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U.S. Open Notebook : Side by Side, Lloyd and Navratilova March On

September 01, 1985|MIKE PENNER | Times Staff Writer

NEW YORK — Situated together in the middle of the National Tennis Center are the Stadium Court and the Grandstand Court, where the featured matches in the U.S. Open are played out.

Because her second-round encounter with Lisa Bonder was rained out, Martina Navratilova had to make up her match Saturday on the Grandstand Court--while Chris Evert Lloyd played Grace Kim in a third-round match on the Stadium Court.

There they were, the two top-seeded players in the women's divisions, playing side by side.

One spectator, dividing his attention between watching Navratilova's match and peeking over the fence to see Lloyd's score, summed up the day's proceedings neatly. "The only competition," he said, "is to see who finishes first."

The race was on. After 25 minutes, Navratilova held a 6-1, 3-0 lead over Bonder. She eventually left the court with a 6-1, 6-1 victory.

Lloyd's match started a bit later, so she had to follow Navratilova into the interview room. But like Navratilova, she allowed her opponent just two games--trouncing Kim, 6-0, 6-2.

So much for the excitement in the women's division.

Lloyd, seeded No. 1, and Navratilova, No. 2 yet the defending champion here, are on two roads that seem certain to cross in next Saturday's final. It's a given, as predictable as the jets that fly over Flushing Meadow to and from La Guardia Airport.

Right now, people are playing a U.S. Open version of Trivial Pursuit: Name someone, anyone , capable of breaking up the Big Two--that is, providing the biorhythms are right, the day's horoscope looks good and the moon is in its proper house.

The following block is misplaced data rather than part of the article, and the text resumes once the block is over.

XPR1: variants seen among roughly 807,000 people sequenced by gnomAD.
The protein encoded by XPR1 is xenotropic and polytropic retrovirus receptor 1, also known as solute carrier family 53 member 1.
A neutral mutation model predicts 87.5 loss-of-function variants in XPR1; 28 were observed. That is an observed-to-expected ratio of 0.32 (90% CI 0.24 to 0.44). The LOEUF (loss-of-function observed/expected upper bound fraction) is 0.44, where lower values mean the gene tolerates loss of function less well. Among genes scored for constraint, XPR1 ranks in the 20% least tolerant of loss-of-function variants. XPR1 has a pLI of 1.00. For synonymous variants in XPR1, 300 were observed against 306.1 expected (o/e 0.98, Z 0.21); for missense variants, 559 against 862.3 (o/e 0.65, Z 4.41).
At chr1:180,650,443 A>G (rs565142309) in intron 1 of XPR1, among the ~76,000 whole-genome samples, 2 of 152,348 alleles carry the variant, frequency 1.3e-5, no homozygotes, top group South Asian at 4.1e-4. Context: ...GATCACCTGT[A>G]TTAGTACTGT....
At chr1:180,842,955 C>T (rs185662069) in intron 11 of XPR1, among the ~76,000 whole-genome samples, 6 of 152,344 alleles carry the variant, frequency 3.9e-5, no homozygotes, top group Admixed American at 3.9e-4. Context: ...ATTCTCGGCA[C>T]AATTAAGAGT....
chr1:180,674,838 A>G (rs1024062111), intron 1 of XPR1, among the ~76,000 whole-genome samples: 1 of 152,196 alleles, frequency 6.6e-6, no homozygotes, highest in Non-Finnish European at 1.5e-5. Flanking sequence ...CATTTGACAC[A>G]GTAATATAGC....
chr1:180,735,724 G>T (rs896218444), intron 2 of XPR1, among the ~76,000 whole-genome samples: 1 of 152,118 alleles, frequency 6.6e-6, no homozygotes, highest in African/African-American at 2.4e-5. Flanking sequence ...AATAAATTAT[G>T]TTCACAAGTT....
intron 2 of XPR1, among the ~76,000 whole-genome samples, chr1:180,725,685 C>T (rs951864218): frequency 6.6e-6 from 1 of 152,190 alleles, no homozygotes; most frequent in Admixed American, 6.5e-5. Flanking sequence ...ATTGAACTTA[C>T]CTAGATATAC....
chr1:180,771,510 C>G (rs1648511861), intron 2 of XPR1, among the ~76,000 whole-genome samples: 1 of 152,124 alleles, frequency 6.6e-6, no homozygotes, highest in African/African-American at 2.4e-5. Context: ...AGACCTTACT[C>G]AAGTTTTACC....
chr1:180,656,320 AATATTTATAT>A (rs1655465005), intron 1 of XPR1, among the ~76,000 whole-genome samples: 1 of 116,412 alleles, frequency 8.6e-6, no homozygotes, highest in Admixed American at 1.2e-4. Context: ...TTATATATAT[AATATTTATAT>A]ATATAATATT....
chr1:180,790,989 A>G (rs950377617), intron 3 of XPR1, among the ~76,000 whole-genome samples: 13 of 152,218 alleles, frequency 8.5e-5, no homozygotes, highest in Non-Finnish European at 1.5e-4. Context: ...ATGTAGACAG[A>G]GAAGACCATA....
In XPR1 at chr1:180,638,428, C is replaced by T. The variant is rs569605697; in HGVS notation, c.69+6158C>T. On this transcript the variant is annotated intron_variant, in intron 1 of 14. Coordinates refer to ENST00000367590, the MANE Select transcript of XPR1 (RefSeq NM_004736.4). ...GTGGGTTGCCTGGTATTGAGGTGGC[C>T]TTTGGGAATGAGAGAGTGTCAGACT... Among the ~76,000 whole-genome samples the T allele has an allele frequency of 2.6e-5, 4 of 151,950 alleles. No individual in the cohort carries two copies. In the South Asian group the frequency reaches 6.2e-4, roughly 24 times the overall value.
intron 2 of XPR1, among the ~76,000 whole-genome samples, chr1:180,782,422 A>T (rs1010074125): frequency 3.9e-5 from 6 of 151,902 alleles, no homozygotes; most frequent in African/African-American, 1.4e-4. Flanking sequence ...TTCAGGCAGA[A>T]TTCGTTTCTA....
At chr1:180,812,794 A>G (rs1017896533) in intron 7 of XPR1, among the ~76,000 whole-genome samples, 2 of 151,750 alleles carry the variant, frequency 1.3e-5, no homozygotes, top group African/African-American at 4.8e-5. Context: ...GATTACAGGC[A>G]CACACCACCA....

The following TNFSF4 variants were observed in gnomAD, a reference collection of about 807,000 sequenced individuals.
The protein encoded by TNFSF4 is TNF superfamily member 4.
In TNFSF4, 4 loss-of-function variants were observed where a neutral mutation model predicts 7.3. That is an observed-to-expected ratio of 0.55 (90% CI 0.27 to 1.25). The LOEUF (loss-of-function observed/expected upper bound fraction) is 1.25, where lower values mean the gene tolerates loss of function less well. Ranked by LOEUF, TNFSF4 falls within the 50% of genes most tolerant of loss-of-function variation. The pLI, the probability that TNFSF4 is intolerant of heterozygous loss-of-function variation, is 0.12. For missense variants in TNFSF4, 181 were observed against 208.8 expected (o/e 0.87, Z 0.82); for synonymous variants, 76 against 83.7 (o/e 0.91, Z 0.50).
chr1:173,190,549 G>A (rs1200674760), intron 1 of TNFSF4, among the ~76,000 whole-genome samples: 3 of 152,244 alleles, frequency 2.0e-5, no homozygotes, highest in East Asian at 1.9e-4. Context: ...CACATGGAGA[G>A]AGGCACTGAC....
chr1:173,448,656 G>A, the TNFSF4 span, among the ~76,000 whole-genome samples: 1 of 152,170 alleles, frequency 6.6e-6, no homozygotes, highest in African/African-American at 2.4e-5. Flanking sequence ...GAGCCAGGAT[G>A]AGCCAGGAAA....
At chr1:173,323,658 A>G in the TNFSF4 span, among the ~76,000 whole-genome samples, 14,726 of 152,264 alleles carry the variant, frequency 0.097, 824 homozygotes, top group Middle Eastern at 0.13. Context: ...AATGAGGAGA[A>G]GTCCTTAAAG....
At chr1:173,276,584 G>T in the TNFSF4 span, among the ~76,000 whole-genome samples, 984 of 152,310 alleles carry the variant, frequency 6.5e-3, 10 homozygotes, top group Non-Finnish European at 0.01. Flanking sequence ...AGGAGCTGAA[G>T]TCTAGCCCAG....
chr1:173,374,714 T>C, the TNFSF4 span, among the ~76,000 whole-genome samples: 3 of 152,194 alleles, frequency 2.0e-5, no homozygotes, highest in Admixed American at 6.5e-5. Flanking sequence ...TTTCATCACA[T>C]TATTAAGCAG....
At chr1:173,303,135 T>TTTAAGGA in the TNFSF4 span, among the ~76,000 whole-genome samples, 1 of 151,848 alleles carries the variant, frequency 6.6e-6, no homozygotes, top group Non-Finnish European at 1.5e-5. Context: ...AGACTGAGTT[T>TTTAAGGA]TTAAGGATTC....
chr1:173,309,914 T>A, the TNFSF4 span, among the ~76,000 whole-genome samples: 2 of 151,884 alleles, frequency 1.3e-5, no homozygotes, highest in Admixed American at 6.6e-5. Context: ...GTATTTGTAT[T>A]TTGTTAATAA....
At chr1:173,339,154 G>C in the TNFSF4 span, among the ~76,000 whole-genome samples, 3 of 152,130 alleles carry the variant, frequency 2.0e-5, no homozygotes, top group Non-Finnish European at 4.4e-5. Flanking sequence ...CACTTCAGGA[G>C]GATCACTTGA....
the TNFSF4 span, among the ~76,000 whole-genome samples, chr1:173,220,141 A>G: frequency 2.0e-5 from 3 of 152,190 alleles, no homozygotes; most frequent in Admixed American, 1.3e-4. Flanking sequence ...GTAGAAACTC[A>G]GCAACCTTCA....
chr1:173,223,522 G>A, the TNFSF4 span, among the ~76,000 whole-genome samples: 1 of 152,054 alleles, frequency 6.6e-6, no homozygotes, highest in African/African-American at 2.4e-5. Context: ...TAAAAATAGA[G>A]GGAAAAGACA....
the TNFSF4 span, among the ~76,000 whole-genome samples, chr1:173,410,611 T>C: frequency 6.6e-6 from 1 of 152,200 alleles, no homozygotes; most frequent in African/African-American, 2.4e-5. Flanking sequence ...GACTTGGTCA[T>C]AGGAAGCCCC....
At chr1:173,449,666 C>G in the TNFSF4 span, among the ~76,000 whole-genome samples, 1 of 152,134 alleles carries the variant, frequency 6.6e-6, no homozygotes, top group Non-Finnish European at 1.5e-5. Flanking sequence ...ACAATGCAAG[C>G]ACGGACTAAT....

Answers don't come easily.

"A dark horse? I don't know," Navratilova offered. "Rabbit (Wendy Turnbull) seems to be playing better. And Claudia (Kohde-Kilsch). And, then there's Hana (Mandlikova) and Pam (Shriver). I still say those players have the best chance."

Lloyd said: "I think Hana's playing very well now. On her day, she can be real dangerous. And Kohde. Both happen to be on my side of the draw. I think those two on a fast court can be real dangerous."

Kohde-Kilsch, who figures to meet Lloyd in the quarterfinals, swept Ann Henricksson in her third-round match, 6-3, 6-4. Mandlikova, a possible semifinal opponent for Lloyd, advanced to the round of 16 with a 6-3, 6-4 decision over West Germany's Sylvia Hanika.

Other seeded women's players to win were No. 7 Helena Sukova, who downed Camille Benjamin, 6-0, 7-5; Turnbull, who stopped Michelle Torres, 7-6, 6-1, and Carling Bassett, who eliminated Linda Gates, 6-4, 6-4. Bonnie Gadusek (No. 14) was upset by Robin White, 1-6, 6-1, 6-2.

Still, all eyes are on Navratilova and Lloyd--as they should be.

Navratilova's are, too, as she discusses the seedings in the women's draw. "It's not affecting my play at all," she says. "There's no proven record that it helps to be No. 2 or No. 1 for me or for Chris, either. If we were to play each other in the finals, I'm sure that the seedings wouldn't win one point out there."

Lloyd said that a matchup with Navratilova is "really the furthest thing from my mind at this point." But moments later, that thought crept a little closer as Lloyd talked about her play in the early rounds.

"I don't think a player likes to peak in the first few rounds," she said. "You want to save that extra energy for the final few rounds."

Translation: Store your strength now--for that showdown with Martina later.

Ivan Lendl and Yannick Noah made up rain-delayed matches Saturday and moved closer to a quarterfinal meeting.

Lendl, seeded second in the men's division, routed Bill Scanlon, 6-2, 6-0, 6-3. Noah (No. 7) downed Jim Grabb, 7-6, 6-3, 6-2. Both Lendl and Noah will play third-round matches today.

In another rain makeup, David Pate upset ninth-seeded Miloslav Mecir, 6-4, 6-0, 6-3. Mecir was the only seeded player in the men's bracket to lose Saturday.

In the regularly scheduled third-round matches, Andres Jarryd (No. 6) swept Tim Wilkison, 6-0, 6-1, 6-4; Boris Becker (No. 8) eliminated New Zealand's Kelly Evernden, 7-6, 6-3, 7-6; Tim Mayotte (No. 13) defeated Nigeria's Nduka Odizor, 7-5, 6-4, 6-3; and Tomas Smid (No. 16) outlasted Jimmy Arias, 4-6, 1-6, 6-3, 6-3, 7-6.

Tenth-seeded Joakim Nystrom also advanced to the round of 16 when his opponent, Dan Goldie, retired in the third set because of a strained muscle in his left leg. Nystrom was leading at the time, 6-0, 6-1, 1-1.

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